Leopard AS1 Tank | Woodford

As you drive through the country town of Woodford, do not be alarmed by the Australian Army Leopard Tank parked closely by the town's water tower, within Sale Yards Park's monument site - Woodford Memorial Park.

The town is not under military attack, rather the decommissioned tank was gifted to the Woodford Sub Branch RSL by the Australian Federal Government on 6th December 2010, when the Leopard Tank was replaced by the M1A1 Abrams Main Battle Tank in 2006. There is another decommissioned Leopard Tank on Bribie Island.

Woodford's Leopard Tank now serves as a reminder of the sacrifices made by Australian service men and women and is a popular pit-spot for families and military enthusiasts when driving through the township.

About the Leopard AS1 Tank

At 7 metres long and weighing 42 tonne, the tank is an impressive display of scale and power symbolising the Leopard Tank’s important contribution to Australia’s military history.

The Leopard is capable of moving its 42 tonne bulk at speeds of up to 65km/ph while engaging targets up to

4km away with its stabilised 105mm gun.

Built by Kraus Maffei and Krupp MaK in Germany, the vehicle is fitted with an MTU 10-cylinder power pack that can be replaced, night or day, in less than 30 minutes. The Leopard's punch is delivered from a 105mm L7 high-velocity gun that fires High Explosive Squash Head (HESH) and Armour Piercing Discarding Sabot (APDS) armour-defeating ammunition and anti-personnel rounds. Anti-aircraft protection is provided by two MG3 7.62mm machine guns, one mounted co-axially to the main gun and the other mounted on top of the turret.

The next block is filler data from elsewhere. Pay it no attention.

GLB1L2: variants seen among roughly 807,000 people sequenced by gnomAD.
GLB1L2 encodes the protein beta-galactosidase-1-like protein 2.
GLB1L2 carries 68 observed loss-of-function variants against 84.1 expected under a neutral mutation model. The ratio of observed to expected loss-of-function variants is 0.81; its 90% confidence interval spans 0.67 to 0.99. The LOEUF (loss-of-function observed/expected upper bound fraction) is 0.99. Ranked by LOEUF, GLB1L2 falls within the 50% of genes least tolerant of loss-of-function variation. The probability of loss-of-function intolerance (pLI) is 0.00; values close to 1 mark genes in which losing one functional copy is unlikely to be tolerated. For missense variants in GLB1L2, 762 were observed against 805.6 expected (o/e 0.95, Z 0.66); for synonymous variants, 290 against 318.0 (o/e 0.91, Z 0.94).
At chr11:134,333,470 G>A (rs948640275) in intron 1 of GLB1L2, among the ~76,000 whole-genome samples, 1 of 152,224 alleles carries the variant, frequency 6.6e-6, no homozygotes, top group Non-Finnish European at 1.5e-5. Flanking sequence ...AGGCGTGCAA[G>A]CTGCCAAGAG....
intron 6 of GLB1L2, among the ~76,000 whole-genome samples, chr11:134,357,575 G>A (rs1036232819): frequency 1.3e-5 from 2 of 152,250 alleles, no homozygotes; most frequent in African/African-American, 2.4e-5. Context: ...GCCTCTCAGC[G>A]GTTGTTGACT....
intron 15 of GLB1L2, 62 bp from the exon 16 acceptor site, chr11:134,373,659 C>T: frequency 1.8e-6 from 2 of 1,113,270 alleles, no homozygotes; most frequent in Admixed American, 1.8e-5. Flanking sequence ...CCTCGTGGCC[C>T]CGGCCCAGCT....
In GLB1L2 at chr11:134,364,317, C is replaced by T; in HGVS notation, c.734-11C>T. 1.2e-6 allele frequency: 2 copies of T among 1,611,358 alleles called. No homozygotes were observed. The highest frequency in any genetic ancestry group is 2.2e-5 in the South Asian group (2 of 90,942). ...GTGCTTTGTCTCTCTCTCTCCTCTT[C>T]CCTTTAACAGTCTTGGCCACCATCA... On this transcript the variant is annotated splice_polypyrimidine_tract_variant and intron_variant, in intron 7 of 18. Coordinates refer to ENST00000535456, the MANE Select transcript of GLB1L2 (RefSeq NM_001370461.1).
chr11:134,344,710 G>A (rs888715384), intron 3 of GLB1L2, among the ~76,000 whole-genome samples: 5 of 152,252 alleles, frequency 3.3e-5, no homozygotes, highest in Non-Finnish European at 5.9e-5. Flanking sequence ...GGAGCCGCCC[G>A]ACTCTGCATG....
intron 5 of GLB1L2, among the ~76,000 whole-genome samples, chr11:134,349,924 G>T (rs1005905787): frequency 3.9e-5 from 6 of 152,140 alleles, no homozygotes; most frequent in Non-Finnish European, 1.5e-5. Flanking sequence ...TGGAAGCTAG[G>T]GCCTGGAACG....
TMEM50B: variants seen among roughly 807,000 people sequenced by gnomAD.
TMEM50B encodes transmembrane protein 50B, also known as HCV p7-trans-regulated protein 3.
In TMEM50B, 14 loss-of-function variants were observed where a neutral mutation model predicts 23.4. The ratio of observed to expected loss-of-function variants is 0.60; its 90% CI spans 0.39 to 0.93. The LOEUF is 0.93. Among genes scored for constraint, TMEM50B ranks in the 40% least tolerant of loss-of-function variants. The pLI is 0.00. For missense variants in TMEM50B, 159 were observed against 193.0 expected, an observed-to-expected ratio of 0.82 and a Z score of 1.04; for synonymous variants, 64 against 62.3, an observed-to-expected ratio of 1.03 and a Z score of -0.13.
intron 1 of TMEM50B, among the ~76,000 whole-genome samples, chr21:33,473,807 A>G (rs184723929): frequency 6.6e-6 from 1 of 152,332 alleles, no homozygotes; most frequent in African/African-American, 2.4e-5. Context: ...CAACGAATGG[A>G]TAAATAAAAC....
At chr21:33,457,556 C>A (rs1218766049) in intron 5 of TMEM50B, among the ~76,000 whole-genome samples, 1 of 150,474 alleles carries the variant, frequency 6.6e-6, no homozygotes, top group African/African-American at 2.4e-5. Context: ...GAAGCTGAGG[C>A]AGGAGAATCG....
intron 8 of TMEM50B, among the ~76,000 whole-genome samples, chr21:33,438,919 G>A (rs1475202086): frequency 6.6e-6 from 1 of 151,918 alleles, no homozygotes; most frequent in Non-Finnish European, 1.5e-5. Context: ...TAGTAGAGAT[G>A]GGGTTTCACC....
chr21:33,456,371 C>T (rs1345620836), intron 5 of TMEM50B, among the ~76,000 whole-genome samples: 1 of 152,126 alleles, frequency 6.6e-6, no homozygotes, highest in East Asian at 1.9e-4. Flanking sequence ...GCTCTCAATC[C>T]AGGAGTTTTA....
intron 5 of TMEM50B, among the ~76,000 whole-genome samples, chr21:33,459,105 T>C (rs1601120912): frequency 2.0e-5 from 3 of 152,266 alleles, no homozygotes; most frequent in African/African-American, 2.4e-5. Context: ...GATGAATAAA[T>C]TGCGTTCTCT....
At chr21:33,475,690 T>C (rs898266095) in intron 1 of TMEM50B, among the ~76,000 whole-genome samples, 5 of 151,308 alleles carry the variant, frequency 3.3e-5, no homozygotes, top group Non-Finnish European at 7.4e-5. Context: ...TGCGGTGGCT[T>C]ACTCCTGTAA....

Working History of the Leopard Tank

Leopard Tanks entered service with the Australian Defence Force in 1977 and were operated by the 1st Armoured Regiment. The tanks were initially purchased to replace the British Centurions which had served since 1952 and had been deployed during the Vietnam War.

The Leopard AS1 Tanks served for over 30 years, playing a central role in meeting the nation’s defence needs, however their guns were never fired in combat operations.

30 of these tanks have been decommissioned and offered to RSLs across the country with 1 allocated to Woodford and another to Bribie Island branches.

Quick Leopard Facts

Engine: Daimler Benz MB838 V10 cylinder, 4 stroke diesel, 610 kW (830hp) at 2200 rpm

Gearbox: ZF 4HP 250 with four forward speeds and two reverse speeds

Fuel Capacity: 950lt

Max speed: 62km/hr

Range: 500km

Max Vertical obstacle: 0.91m

Max trench: 3m

Max fording depth unprepared: 1.2m

Max fording depth prepared: 4m

Dimensions & Displacement

Weight: 42 400kg

Length: 9.54m (gun forward)

Width: 3.37m

Height: 2.62m (top of sight)

Ground Clearance: 0.44m


Main Armament: 105mm L7A3 QF gun

Ammunition: 59 rounds (17 in turrent and 42 in hull)

Machine Guns: 7.62mm MG2A1 Co-axial & 7.62mm MG3 externally on cupola

Smoke Dischargers: Four 76mm on each side of turret

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Acknowledgement of Country - We would like to acknowledge the traditional owners of the lands and waterways of the Moreton Bay Region, the Kabi Kabi/Gubbi Gubbi, Jinibara, and Turrbal people and pay our respects to their Elders, past, present and emerging. We recognise the ongoing connection that Aboriginal and Torres Strait Islander people have to this land and recognise Aboriginal and Torres Strait Islander people as the original custodians of this land.